О Джордане Питерсоне

Re: О Джордане Питерсоне

by Евгений Волков -
Number of replies: 0
Ash Wilson-Smith

In short, no.

Peterson’s style of debate is one that aligns closely with reductionism. He narrows down on topics further and further until the source of its existence is made clear. In the absence of something to reduce to its core, he poses a lot of questions that, by and large, people have not taken the time to actually consider for themselves.

A reductionistic model for analysis

I personally find this approach immensely satisfying, as it gives you a level of appreciation (not understanding, because that is inherently subjective) of the overwhelming complexity of relationships between systems.

But let’s look at a number of Peterson’s points that have been raised in recent times (and in the Newman interview):

  1. Can men and women effectively work together in the workplace, in the absence of sexual tension/intimacy?
    1. The data on this are limited, given we have only been working in close proximity to each other for less than a century in the professional realm. How do we go about measuring this into the future, in such a way that is rational and sensible?
    2. If we impose legislation that acts on a presumption of “guilty until proven innocent”, will further degradations to the fundamental principles of law continue (presupposing that they have in the first place)?
      1. What role does “trial by public opinion” play in all of this, given we know how that often tends to go?
    3. If sexual tension and intimacy are indeed critical to the functioning of a healthy, non-repressive workplace, is the presence of sexual harassment surprising?
      1. How can we expect individuals to engage in something so inherently risky as the courting process, without expecting extremes of outcome to occur (i.e. sexual harassment)?
      2. What can we do in order to minimise sexual harassment in the workplace? Do we set policies where colleagues cannot interact on that level with one another? Do we make employees wear a uniform? Do we reconsider the role of makeup?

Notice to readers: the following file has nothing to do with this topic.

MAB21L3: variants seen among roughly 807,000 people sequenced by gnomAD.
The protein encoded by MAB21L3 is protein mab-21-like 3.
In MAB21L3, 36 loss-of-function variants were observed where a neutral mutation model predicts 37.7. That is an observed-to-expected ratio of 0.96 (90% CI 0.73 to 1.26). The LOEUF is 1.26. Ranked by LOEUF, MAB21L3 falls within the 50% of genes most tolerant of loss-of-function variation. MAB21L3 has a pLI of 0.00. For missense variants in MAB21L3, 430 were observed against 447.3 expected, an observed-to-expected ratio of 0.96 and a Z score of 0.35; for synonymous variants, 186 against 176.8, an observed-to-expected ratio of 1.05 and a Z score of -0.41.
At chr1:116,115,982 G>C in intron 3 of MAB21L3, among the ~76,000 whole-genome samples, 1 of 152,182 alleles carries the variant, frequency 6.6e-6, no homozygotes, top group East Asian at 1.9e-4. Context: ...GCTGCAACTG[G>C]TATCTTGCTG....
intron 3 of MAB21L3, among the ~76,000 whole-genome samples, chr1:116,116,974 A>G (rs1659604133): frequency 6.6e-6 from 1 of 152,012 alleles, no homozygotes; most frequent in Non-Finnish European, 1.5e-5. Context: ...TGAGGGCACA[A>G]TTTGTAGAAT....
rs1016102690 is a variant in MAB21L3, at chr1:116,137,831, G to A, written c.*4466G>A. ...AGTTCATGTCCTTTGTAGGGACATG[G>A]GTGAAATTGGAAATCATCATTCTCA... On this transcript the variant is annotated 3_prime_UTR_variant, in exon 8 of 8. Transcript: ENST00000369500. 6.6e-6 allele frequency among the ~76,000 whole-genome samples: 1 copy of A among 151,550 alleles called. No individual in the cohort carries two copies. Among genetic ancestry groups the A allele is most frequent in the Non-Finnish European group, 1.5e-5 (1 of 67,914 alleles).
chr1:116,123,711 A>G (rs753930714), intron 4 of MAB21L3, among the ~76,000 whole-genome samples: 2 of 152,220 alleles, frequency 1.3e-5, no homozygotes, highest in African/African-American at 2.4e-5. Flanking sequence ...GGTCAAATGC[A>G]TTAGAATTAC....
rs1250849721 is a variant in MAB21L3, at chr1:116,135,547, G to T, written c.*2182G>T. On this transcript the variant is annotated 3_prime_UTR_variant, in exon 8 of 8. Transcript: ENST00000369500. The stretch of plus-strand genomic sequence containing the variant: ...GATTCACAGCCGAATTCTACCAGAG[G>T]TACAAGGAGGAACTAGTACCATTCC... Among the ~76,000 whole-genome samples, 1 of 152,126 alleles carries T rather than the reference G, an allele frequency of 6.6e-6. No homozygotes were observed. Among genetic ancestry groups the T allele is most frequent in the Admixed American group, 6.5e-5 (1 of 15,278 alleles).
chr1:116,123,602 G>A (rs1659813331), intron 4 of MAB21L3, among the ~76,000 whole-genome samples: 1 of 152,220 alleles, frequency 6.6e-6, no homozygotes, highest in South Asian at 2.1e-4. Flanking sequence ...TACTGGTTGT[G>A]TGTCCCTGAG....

2. Why is there a gap in the median earnings between men and women?
    1. Yes, gender is one factor that plays a role, but why does it play a role? Further, why aren’t the economists of the world coming forth with the overwhelming evidence of gender being the only contributing factor to this gap?
      1. Univariate analysis is trash, folks (NB: that’s my personal view). Try being a fast trader on the stock exchange or an investment banker looking at funds using a model that analyses only one variate, and see how well you go. Hint: You won’t be working as a fast trader/IB for very long. I am also training as a doctor whilst working as a medical researcher in my spare time, and from that experience, univariate approaches often yield worthless results. Life is more complex than that, and if you try to hyper-simplify it, good luck being taken seriously.
  3. Why does someone’s capacity to be offended restrict me from questioning their worldview or ideas?
    1. If one is able to impose restrictions on my words and behaviour, why can I not question that within the confines of the democratic process?
  4. If I am unable to question someone due to their perceived offence at my line of inquiry, what happens when that is applied to a societal level?
    1. Will this lead us down a road that we have gone before? Why/why not?
    2. What are the punishments to be levied against someone for being offensive (hate speech/freedom of speech laws considered)? Do we imprison people? Do we destroy their reputations?

Note that none of these questions is an opinion or statement of support in either direction (minus my authorial intrusion); they are merely questions that have to be asked. I think this is why Peterson is so disliked by a lot of people - he asks questions that people assume reflect his opinion, or that offend them because it gets them thinking about what their actual motivations are. He is a psychologist, for God’s sake. His job is to ask uncomfortable questions. However, no one wants to hear that the very actions and behaviours that they are manifesting are the same that caused the persecution and death of millions less than a century before. On both sides of the political spectrum. Hence, people assumed that the person making those claims is an alarmist, or, on a more primitive level, they are an enemy to the very foundations of their being.

Listen to the words and actions of these people, and make up your own mind.

It is entirely unsurprising that arguments and debates activate the same regions of the brain that are responsible for the “fight or flight” response. Why else is politics so utterly polarising? Hell, put a democrat and a republican in the same room and get them to come to an agreement on gun control, and see what the outcome is (hint: we have and it’s painful). Anger, torment, frustration - all are fundamental aspects of the political process. How we manage them, however, distinguishes a dictatorial body politic from a democratic one.

I prefer the body politic where we sit and debate ideas and come to a slow, painful resolution, not the one where the doors of your house are kicked by death as the clock chimes midnight.

All of these phenomena tie back to one’s underlying psychology, which then merges and interacts with the psychology of the community, which then merges and interacts with the psychology of the society. Traversing this maelstrom is Peterson’s forte. Let the man question the Hell out of society.


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About the Author

Ash Wilson-Smith

Ash Wilson-Smith

Aspiring neurosurgeon, musician, human.
Research affiliate at Collaborative Research Group
MD from University of New South WalesExpected 2020
Lives in Sydney, Australia
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